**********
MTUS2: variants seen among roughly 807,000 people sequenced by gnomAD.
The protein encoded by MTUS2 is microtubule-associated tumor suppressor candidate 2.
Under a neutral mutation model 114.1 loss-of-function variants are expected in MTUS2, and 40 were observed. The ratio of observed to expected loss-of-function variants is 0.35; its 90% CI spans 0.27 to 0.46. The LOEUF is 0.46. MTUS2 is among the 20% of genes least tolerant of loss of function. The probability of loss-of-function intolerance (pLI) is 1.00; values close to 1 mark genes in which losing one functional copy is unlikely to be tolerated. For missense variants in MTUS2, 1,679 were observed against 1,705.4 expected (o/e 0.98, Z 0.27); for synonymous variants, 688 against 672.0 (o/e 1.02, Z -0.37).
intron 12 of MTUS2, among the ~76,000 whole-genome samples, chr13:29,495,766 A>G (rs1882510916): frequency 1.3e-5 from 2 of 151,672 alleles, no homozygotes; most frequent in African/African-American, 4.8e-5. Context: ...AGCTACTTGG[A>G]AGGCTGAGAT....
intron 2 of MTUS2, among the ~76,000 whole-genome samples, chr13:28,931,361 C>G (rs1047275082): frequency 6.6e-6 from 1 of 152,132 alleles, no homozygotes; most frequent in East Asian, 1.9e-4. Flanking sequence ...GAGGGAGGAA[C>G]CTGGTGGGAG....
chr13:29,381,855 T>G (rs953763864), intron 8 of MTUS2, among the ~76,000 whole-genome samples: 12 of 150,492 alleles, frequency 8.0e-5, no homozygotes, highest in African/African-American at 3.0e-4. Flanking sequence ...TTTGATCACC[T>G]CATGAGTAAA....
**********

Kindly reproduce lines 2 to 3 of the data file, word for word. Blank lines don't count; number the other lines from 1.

The protein encoded by MTUS2 is microtubule-associated tumor suppressor candidate 2.
Under a neutral mutation model 114.1 loss-of-function variants are expected in MTUS2, and 40 were observed. The ratio of observed to expected loss-of-function variants is 0.35; its 90% CI spans 0.27 to 0.46. The LOEUF is 0.46. MTUS2 is among the 20% of genes least tolerant of loss of function. The probability of loss-of-function intolerance (pLI) is 1.00; values close to 1 mark genes in which losing one functional copy is unlikely to be tolerated. For missense variants in MTUS2, 1,679 were observed against 1,705.4 expected (o/e 0.98, Z 0.27); for synonymous variants, 688 against 672.0 (o/e 1.02, Z -0.37).